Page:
The YB-60, an eight-jet bomber sometimes called a jet version of the B-36, was in the air one hour and six minutes. Erickson said it “touched at fighter speed.”

The plane is about the same size as the B-36, Erickson said. “Most any B-36 pilot would feel right at home,” he said.

Higher Speed Tests

     Witchell said tests would probably be made soon at higher speeds and higher altitudes.

The plane took off with a deep roar, with a shrill, whining overtone. Several thousand spectators, including Air Force personnel from Carswell Air Force Base, home of the B-36, lined the left side of the Carswell runway and stood on rooftops.

     The spectators were able to distinguish little more than the YB-60’s extreme, almost-triangular swept-back shape.

     The YB-60 made a rendezvous in the air with a B-25 Air Force camera plane from which highly secret photographs were taken.

Valley Morning Star, Volume XLII, No. 271, Saturday 19 April 1952, Page 1 at Columns 3 and 4.

Consolidated-Vultee YB-60 (Jet Pilot Overseas)
Consolidated-Vultee YB-60 49-2676. (Jet Pilot Overseas)

The YB-60’s first flight was three days after that of the Boeing YB-52 Stratofortress. In testing, it was 100 miles per hour (161 kilometers) slower than the B-52 prototype, despite using the same engines. A second B-60 prototype was cancelled before completion, and after 66 flight hours the YB-60 test program was cancelled. Both airframes were scrapped in 1954, with the second prototype never having flown.

The Convair YB-60 was 171 feet (52.121 meters) long with a wingspan of 206 feet (62.789 meters) and overall height of 60 feet, 6 inches (18.440 meters). The wings were swept at a 37° angle. It had an empty weight of 153,016 pounds (69,407 kilograms) and gross weight of 300,000 pounds (136,078 kilograms).

The prototype jet bomber was powered by eight Pratt & Whitney Turbo Wasp YJ57-P-3 turbojet engines. The J57 was a two-spool, axial-flow turbojet developed from an experimental turboprop engine. It had 16-stage compressor section (9 low- and 7-high-pressure stages), 8 combustors and a 3-stage turbine section (1 high- and 2 low-pressure stages). The YJ57-P-3s were rated at 8,700 pounds of thrust (38.70 kilonewtons), each. The YJ57-P-3 was 183.5 inches (4.661 meters) long, 41.0 inches (1.041 meters) in diameter and weighed 4,390 pounds (1,991 kilograms). These were the same engines used in the YB-52, and were similarly mounted in four 2-engine nacelles below the wings.

Right profile of the first prototype YB-60. Note the tail landing gear strut. (Jet Pilot Overseas)
Right profile of the first prototype YB-60. Note the tail landing gear strut. (Jet Pilot Overseas)

Maximum speed was 0.77 Mach (508 miles per hour, 818 kilometers per hour) at 39,250 feet (11,963 meters) and the combat ceiling was 44,650 feet (13,609 meters). The YB-60 could reach 30,000 feet (9,144 meters) in just over 28 minutes. Takeoff required 6,710 feet (2,045 meters) and 8,131 feet (2478 meters) were required to clear a 50-foot (15.24 meters) obstacle. Maximum range was 8,000 miles (12,875 kilometers) but the combat radius was 2,920 miles (4,699 kilometers) with a 10,000 pound (4,536 kilograms) bomb load.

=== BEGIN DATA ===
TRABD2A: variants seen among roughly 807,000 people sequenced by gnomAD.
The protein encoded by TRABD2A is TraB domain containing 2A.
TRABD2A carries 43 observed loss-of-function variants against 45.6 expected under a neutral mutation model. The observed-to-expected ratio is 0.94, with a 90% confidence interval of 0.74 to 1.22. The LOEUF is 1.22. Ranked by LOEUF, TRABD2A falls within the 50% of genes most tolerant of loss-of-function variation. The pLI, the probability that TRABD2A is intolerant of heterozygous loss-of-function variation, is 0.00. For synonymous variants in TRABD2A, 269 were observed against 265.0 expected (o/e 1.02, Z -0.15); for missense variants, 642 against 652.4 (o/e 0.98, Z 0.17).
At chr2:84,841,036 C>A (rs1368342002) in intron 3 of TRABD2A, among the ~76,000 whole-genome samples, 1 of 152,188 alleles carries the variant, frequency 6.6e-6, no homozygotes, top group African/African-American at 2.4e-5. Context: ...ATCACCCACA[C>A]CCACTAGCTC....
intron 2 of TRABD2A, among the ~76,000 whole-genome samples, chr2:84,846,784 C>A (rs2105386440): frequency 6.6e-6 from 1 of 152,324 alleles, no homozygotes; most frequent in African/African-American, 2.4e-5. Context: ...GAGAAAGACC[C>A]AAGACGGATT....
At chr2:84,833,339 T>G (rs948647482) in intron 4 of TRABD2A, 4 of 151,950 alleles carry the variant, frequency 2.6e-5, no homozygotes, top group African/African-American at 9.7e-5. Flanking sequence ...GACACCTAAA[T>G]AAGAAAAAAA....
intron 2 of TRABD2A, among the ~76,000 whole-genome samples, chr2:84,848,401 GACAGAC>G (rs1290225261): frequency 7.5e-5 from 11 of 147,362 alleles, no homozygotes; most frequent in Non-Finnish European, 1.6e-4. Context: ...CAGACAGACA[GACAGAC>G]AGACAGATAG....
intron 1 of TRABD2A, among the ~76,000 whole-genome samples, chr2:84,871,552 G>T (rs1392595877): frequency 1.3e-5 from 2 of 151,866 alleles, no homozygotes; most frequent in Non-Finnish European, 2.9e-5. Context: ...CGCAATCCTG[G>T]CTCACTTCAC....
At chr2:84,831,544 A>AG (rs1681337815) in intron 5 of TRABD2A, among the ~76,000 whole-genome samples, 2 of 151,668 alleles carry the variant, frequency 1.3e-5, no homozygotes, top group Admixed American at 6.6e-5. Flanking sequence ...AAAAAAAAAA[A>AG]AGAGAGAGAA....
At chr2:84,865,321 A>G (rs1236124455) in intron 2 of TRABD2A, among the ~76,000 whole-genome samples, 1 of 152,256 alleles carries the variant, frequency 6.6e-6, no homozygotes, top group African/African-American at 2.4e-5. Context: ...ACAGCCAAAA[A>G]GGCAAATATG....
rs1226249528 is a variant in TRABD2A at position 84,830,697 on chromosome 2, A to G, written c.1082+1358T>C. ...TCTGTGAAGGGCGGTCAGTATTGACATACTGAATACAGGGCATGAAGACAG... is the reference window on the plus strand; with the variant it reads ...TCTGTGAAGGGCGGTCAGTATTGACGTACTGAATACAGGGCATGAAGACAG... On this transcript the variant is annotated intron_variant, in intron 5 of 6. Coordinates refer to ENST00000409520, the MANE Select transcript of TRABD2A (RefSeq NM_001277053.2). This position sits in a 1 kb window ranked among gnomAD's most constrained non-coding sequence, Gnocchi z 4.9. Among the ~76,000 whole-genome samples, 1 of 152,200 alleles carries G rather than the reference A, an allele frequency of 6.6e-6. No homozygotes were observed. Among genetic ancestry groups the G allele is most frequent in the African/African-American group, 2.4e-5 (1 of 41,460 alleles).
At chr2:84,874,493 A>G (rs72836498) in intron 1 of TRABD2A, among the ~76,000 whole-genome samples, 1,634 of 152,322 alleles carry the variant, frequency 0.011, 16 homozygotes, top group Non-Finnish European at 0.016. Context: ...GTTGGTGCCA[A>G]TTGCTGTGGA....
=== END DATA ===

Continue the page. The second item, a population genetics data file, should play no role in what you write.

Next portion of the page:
The maximum bomb load was 72,000 pounds (32,659 kilograms). Defensive armament consisted of two M24A1 20 mm autocannon in a remote-controlled tail turret. The second YB-60 retained the upper forward and lower aft retractable gun turrets of the B-36, adding eight more 20 mm cannon.

Chief Test Pilot Beryl Arthur Erickson. (Convair)
Chief Test Pilot Beryl Arthur Erickson. (Convair)

© 2017, Bryan R. Swopes

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18 April 1943

Lockheed P-38G-1-LO Lightning 42-12723 at Wayne County Airport, Detroit, Michigan, September 1942. (Library of Congress)

18 April 1943: Acting on Top Secret decrypted radio traffic, eighteen Lockheed P-38G Lightning twin-engine fighters of the 339th Fighter Squadron, 347th Fighter Group, 13th Air Force, flew the longest interception mission of World War II—over 600 miles (966 kilometers)—from their base at Guadalcanal in the Solomon Islands to Bougainville.

A Mitsubishi G4M “Betty” twin-engine medium bomber takes off from Rabaul, 1942.
Admiral Isoroku Yamamoto, IJN

Arriving at the planned intercept point at 0934, they were just in time to see two Japanese Mitsubishi G4M1 “Betty” long range bombers escorted by Mitsubishi A6M Zero fighters.

The Americans engaged the Japanese in a massive aerial dog fight. Both Bettys were shot down. One crashed on the island and another went into the sea.